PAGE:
10 sleepers to cap the Seattle Seahawks 2023 draft

Apr 28, 2022; Las Vegas, NV, USA; NFL commissioner Roger Goodell announces Seahawks draft pick
Apr 28, 2022; Las Vegas, NV, USA; NFL commissioner Roger Goodell announces Seahawks draft pick / Gary Vasquez-USA TODAY Sports
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Skill players balling for the Seahawks

Eric Gray, HB, Oklahoma. Let me flip the script here and tell you right now why Mr. Gray is a sleeper. He ran a 4.62 40 and only did 12 reps on the bench press. At 5'9 1/2" and 207 pounds, no one should expect elite speed. However, that is the summation of his football sins. Well, I believe the fact that he transferred to Oklahoma after two years at Tennessee is unconscionable. I recognize for most 12s, that isn't even worthy of consideration. I suppose it did get him closer to Seattle, so I guess in the end it's okay.

Now let's look at what Eric Gray can do. As a sophomore, he led the Volunteers in rushing and tied for the team lead in total touchdowns. Apparently, that wasn't enough (sniffs your correspondent), so he skedaddled off to the Sooners. He played well as a junior but really showed his talent his senior year with 1372 yards on 212 carries, finding the end zone 11 times. He also pulled down 34 catches for 238 yards. He's adept on screens and more than willing to do the dirty work of staying in and blocking. I'm pretty sure both of those talents would find much favor with Geno Smith.

Roschon Johnson, HB, Texas. You might look at Johnson as Gray's mirror image. Well, sorta. At 6'0" and 219 pounds, Johnson is just a little bigger. He's also slightly faster, at least when you look at top end speed. Johnson came in at 4.58 for the combine. But Gray hit that top speed quickly, much more quickly than Johnson. The Longhorn product is much more in the cut of the prototypical power back.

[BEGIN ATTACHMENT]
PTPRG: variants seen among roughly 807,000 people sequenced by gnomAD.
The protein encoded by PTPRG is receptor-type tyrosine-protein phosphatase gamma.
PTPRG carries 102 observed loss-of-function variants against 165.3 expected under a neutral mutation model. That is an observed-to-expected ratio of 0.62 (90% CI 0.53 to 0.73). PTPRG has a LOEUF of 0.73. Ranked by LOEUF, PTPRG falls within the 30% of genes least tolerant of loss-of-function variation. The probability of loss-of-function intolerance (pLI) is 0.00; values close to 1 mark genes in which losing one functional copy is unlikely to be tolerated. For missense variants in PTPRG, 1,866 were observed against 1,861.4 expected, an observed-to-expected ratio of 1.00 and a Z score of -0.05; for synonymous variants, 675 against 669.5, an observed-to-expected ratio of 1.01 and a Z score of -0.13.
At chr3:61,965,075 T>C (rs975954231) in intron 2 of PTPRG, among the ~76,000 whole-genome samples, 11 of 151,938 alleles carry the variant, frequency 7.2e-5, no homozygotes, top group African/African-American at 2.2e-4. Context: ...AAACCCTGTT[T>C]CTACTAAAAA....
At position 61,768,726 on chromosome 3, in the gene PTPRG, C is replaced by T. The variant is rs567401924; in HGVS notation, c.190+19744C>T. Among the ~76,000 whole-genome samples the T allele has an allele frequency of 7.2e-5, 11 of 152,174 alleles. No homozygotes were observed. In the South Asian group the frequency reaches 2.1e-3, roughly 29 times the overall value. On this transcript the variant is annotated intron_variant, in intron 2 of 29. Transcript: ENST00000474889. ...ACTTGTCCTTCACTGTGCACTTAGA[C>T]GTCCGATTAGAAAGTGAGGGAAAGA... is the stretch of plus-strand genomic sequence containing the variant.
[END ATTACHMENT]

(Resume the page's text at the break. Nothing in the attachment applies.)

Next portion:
Johnson saw action in 47 games for Texas, totaling 2,190 yards on 392 carries. He found the end zone 23 times and only fumbled once. Yeah, I like that ratio, too. He also caught 56 passes for 420 yards, so he's not a player you'd have to take out on third down. In fact, considering his predilection for laying out blitzing linebackers, I'd say it would be wise to keep him in the game on third down. You know, for those rare times KW needs a rest. Several scouts have called him a bulldozer, or a guy who'll get the tough yards. Yes, please. Now that would be an amazing value pick.

Charlie Jones, WR, Purdue. Jones is one of the few sleeper prospects I've listed that has met with the Seahawks. With his 4.43 speed, I think it's understandable that Carroll and Schneider were interested in him. While Jones is only 5'11" and 175 pounds, he was a major producer in his senior year. He never got on track at Iowa, but after transferring to Purdue, everything clicked. Jones caught 110 balls for 1,361 yards and a dozen scores. His QB rating when targeted was 118.1. While that's not exactly elite, like Jalin Hyatt's 149.0, it's not chopped liver, either.

Jones has soft hands and is exceptional at using his body to create space on contested catches. Gee, 12s, who does that sound like; anyone you know? Is there anyone on the Hawks roster right now that's 5'10", goes a buck 80, and can catch anything within two zip codes of his location? No, I'm not saying Jones is the next Tyler Lockett. As I wrote about Ronnie Hickman, all these guys have to do is be the best versions of themselves.

Now about that comparison between Jones and Lockett: these weaknesses are from the NFL's draft profile page. But who are they about; the Hawks future Hall of Fame player or the possible rookie? Very slightly built. Struggles with physical cornerbacks and can be redirected in his routes
Press coverage could be an issue for him on the next level.
High percentage of tries are contested. Lacking suddenness to shake press.
Has trouble blowing by tight man coverage downfield.

Next. 5 bold predictions about the Seahawks 2023 NFL draft. dark

The first three were written about our man Lockett, and the second group was about Jones. Seems like number 16 turned out a little better than the draft experts predicted. That's the great thing about sleepers. Will they all come through? No, of course not. For every Chris Carson, the Seahawks have drafted there have been, oh, how many seventh-round picks that didn't even make the practice squad? Feel free to look it up; you'll receive a fabulous no-prize. The successes are what make the sleepers so fun for us 12s, and so valuable for our Seahawks.